Aubrey Cunningham was determined to see what was behind the door of the big red fire truck displayed outside Springfield City Hall Plaza on Saturday morning.
She didn’t find out what was in there before the energy and curiosity a 2-year-old child possesses led her roaming to another area that sparked her momentary interest, even if it was a small puddle of water to splash in, left over from the previous night’s rain.
It’s that spirit of discovery and curiosity that sums up CultureFest, which was set up in the plaza for the 23rd year, where the community gathered to celebrate its diversity through entertainment, information and food with the theme of “Discovering Our Roots and Discovering Springfield Together.”
It is presented by the City of Springfield and several sponsors.
PHOTOS: CultureFest 2019
Warm early fall conditions saw hundreds of attendees take in the attractions, dine and watch sign language choirs, marching bands, senior singers and other offerings showcasing what makes Springfield diverse.
It was one of several things that attracted Kara Cunningham, Aubrey’s mom, to bring her and infant brother Tristan downtown. She grew up here then moved to Columbus and moved back here to raise her family.
While Cunningham said Columbus offers many festivals and activities, you’d usually have to pay admission for something similar to CultureFest.
“It’s an amazing city with activities like this,” she said.
CultureFest co-chairman Dr. Surender Neravetla was pleased with that story and the huge crowd that gathered on the plaza.
“The cultural diversity of Springfield is on display today. A lot of hardworking people helped put it together,” he said.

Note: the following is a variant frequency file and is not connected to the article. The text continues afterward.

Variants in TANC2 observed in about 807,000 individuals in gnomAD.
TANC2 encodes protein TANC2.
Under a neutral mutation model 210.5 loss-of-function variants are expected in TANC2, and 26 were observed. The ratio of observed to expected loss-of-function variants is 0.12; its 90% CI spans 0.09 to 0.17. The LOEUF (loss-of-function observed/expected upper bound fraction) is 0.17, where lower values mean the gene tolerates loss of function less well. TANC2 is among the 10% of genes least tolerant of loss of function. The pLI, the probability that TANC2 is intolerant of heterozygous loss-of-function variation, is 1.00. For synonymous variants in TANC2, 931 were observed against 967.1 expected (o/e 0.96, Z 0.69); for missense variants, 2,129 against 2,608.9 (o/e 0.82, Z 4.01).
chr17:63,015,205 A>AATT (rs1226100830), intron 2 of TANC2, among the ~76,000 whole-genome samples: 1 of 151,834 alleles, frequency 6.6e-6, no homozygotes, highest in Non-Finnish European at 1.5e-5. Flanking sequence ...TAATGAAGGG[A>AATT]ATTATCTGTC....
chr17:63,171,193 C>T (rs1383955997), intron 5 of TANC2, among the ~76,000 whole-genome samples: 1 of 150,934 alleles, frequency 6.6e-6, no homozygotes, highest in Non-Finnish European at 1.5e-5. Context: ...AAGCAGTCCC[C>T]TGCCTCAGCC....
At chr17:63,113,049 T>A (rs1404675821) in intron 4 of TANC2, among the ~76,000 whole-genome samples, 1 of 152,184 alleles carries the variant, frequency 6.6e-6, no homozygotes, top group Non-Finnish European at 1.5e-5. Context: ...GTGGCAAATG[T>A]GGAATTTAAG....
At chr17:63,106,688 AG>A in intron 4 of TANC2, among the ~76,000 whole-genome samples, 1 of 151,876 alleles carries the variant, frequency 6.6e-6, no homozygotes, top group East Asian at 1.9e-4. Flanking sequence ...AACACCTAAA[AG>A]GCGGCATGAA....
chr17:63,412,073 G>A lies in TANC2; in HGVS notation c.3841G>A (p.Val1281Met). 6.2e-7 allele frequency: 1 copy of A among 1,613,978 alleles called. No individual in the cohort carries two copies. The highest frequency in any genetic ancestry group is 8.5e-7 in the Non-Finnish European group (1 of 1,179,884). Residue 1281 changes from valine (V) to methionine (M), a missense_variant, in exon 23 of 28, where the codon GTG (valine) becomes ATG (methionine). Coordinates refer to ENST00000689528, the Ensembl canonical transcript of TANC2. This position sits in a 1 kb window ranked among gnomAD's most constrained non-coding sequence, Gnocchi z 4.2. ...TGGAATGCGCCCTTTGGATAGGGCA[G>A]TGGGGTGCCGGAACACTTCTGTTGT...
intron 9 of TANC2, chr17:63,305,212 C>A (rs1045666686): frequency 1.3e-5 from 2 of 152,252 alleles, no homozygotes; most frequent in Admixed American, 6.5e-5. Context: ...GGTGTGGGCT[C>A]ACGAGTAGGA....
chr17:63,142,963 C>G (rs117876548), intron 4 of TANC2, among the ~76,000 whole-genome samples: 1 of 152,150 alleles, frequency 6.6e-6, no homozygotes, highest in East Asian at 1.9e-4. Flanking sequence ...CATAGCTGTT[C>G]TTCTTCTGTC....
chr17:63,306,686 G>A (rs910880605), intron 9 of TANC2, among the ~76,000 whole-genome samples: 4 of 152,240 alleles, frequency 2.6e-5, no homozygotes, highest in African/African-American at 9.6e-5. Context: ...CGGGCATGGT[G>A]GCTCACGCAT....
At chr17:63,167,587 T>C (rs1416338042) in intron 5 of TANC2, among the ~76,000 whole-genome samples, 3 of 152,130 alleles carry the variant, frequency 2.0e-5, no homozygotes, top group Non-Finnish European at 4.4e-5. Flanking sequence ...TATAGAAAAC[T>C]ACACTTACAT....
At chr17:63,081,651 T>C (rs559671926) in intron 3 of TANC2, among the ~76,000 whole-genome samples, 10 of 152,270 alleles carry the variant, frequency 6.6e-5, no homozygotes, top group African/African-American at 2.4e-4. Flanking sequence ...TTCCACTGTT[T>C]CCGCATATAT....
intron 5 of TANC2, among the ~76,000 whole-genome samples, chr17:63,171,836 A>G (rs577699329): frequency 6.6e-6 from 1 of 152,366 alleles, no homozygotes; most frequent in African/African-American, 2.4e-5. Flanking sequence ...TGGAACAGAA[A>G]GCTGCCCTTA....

It’s a chance to show what makes various cultures’ customs unique, many set up in booths and offer free items. The Muslim community gives free scarfs, with some people coming back year after year to add to their collection according to Samina Ahmed.
Sikh community member Ravjot Kaur proudly displayed a familiar logo on the back of her salwar kameez, the traditional outfit worn by women – that of Ohio State University.
Although a student at Wittenberg, she dances for OSU’s Bhangra dance team that has earned awards, and performed on the stage Saturday. Kaur is proud have represented her community at CultureFest for 15 years, especially when some visitors confuse the Sikh culture with others.
“Everybody seems willing to learn if you give them the information to try to learn,” she said.
Even the foods were diverse, with Indian, Mexican, Hungarian cabbage rolls alongside all-American foods. If you consider French fries to be representative of France or the U.S. there were several choices there alongside ice cream, hot dogs and others.
It’s this type of co-existence that makes Cunningham prepared to bring her children back to City Hall Plaza for Septembers to come and why she wants to raise them here.
“Springfield is invested in accepting these cultures’ virtue rather than someone’s pocketbooks. I respect that and what I want to teach my kids,” she said.
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